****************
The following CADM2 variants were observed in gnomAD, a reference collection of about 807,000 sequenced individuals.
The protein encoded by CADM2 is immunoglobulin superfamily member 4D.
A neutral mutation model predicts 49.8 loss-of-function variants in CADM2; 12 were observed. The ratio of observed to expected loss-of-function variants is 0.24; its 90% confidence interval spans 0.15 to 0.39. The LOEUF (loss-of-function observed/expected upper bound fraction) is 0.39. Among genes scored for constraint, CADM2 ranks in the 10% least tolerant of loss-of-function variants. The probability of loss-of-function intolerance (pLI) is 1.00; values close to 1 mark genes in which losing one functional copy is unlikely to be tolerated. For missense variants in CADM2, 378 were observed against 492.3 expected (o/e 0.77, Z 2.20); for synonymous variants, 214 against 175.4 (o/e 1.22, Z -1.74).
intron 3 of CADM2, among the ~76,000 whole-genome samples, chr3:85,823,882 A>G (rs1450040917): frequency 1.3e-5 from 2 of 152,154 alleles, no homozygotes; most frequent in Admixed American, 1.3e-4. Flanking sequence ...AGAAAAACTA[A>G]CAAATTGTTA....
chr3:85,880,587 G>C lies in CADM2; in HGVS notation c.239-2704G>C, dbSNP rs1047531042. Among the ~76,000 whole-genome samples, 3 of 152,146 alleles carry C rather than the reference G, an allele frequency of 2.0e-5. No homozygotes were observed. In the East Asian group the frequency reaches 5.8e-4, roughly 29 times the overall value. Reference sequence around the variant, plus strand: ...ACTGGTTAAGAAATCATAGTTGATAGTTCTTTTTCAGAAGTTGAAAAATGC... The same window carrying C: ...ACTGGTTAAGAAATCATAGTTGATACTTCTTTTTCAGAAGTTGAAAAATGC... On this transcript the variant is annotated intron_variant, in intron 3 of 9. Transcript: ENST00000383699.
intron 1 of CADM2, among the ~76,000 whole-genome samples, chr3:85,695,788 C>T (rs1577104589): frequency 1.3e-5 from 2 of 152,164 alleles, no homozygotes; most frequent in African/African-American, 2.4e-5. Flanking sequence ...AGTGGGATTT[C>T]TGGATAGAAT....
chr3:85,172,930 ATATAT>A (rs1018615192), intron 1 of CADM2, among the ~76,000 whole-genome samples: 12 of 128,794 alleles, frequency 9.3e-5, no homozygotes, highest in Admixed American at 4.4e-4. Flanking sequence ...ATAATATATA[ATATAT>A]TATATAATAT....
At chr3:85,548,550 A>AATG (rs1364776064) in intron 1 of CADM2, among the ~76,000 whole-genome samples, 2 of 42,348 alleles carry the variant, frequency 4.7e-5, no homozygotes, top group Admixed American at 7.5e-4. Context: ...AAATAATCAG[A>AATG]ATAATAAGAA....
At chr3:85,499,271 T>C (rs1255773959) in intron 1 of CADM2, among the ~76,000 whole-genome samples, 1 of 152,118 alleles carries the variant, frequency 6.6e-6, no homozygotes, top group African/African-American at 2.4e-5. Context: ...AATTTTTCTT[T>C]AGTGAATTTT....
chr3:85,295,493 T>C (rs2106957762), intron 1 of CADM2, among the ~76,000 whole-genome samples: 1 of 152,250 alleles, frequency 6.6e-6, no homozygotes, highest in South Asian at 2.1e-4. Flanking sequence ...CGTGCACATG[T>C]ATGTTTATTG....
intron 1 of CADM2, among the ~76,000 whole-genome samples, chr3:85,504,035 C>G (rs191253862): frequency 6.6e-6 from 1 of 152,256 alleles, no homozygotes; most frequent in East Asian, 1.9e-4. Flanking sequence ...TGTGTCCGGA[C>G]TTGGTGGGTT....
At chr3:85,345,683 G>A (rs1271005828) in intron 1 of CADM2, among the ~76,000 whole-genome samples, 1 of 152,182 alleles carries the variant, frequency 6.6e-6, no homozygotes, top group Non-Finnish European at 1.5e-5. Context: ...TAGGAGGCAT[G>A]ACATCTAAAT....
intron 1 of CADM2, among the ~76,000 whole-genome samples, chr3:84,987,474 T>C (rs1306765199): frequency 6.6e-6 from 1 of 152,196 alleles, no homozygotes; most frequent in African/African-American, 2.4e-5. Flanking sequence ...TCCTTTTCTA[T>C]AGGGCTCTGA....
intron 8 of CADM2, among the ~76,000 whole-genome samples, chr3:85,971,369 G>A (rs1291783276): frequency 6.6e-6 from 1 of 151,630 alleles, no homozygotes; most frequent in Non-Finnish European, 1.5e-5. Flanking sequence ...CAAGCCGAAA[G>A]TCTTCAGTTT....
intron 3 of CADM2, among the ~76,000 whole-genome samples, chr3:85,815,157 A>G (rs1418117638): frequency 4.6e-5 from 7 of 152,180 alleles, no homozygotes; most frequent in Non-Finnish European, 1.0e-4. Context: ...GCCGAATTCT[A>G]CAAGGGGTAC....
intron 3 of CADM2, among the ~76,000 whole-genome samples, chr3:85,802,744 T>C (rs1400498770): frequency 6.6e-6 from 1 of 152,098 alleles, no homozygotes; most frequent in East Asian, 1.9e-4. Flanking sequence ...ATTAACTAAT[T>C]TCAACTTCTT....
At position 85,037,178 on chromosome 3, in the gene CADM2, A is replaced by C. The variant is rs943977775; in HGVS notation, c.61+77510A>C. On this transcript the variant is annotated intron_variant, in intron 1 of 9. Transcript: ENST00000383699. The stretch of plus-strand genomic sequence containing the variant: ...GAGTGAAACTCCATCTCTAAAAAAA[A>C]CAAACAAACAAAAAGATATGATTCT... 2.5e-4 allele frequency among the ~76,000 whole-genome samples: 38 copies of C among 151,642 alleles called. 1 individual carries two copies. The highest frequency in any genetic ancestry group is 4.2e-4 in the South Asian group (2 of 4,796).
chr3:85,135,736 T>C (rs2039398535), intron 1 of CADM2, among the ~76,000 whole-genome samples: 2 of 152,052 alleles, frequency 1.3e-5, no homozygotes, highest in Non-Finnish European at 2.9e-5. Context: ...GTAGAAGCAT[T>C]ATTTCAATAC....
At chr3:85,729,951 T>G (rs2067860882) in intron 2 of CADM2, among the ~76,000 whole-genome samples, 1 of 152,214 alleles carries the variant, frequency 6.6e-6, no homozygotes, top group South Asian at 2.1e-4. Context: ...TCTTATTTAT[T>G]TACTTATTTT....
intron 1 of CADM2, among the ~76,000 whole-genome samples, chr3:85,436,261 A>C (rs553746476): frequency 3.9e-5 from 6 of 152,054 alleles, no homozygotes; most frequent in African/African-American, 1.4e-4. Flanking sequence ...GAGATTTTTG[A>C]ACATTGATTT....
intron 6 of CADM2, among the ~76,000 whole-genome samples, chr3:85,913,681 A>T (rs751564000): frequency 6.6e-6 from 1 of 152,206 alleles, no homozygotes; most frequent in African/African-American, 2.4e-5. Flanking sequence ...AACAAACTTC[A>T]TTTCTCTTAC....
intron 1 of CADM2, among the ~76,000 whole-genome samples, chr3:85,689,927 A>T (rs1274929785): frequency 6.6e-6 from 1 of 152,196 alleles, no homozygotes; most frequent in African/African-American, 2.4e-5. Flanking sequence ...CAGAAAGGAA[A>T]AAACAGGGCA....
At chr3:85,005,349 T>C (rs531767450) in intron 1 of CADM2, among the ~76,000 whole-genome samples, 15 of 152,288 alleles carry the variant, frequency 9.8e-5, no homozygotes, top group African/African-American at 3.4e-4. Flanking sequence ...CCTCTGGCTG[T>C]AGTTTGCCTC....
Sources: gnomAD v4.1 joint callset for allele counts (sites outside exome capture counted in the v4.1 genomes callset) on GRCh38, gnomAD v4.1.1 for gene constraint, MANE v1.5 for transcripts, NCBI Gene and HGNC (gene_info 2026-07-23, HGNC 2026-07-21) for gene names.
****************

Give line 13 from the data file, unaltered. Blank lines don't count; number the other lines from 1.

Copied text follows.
intron 1 of CADM2, among the ~76,000 whole-genome samples, chr3:84,987,474 T>C (rs1306765199): frequency 6.6e-6 from 1 of 152,196 alleles, no homozygotes; most frequent in African/African-American, 2.4e-5. Flanking sequence ...TCCTTTTCTA[T>C]AGGGCTCTGA....